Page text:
I always enjoy the Forbes Sports Rich list. It formed the basis for a chapter in my book, and tells you a lot about sport once you dig into the figures.
For instance, looking at this year’s list, here are a few observations.
- Roger Federer is a sponsorship machine. $65m in endorsements puts him $13m higher than LeBron James in second place.
- American football players don’t get marketing dollars. The highest-sponsored is Drew Brees, and he’s on $13m in endorsements, which is less than his salary.
- Boxer Floyd Mayweather still rakes it in – his $275m in pay is three times more than any one else. It pays to punch, with Conor McGregor fourth in the overall list.
- Basketball pays overall – 40 of the top 100 represent that sport.
- There are zero women on the list. That’s not good. In previous years, at least a few female tennis players made it. We seem to be regressing, either in who we value in terms of marketing or how we pay sports stars.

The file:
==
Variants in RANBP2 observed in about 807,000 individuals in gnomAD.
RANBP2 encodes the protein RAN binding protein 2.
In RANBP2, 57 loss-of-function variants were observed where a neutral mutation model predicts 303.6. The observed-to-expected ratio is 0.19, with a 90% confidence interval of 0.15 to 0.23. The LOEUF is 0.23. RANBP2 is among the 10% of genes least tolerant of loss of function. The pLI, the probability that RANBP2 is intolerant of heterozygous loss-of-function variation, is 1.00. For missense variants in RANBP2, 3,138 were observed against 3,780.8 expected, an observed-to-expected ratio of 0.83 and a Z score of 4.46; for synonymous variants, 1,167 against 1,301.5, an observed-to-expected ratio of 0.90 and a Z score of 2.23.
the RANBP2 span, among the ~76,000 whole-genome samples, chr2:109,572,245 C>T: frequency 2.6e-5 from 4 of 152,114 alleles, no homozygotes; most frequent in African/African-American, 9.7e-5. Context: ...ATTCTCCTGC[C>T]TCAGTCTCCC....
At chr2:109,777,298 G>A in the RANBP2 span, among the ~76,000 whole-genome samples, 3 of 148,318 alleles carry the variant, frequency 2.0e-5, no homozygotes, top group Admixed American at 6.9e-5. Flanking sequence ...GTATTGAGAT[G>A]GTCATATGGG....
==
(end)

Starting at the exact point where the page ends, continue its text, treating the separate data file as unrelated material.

The most interesting way of ordering the list, in my view, is by the ratio of endorsements to pay.
This naturally shows up individual sports where some players have had poor seasons but are trading on reputation – Tiger Woods, Novak Djokovic. There are sports people where the sport pays (relatively) poorly, but profile is high – Usain Bolt, Virat Kohli.
But it also shows how some stars are not making the most of their winning seasons. For instance, golfer Justin Thomas won $21m in prize money, but netted just $5m in sponsorship. Surely he’s going up? And if Lewis Hamilton can get $9m in sponsorship, how is Sebastian Vettel getting only $300k? They get the same pay, according to Forbes.
Here’s my Endorsements / Salary list – for those where Endorsements are higher than Salary.
|Overall Rank||Name||Pay $m||Salary/Winnings $m||Endorsements $m||Sport||E/S|
And here’s the sports list.
|Mixed Martial Arts||1|
Lastly, here’s the forbes rich sports list as an Excel file.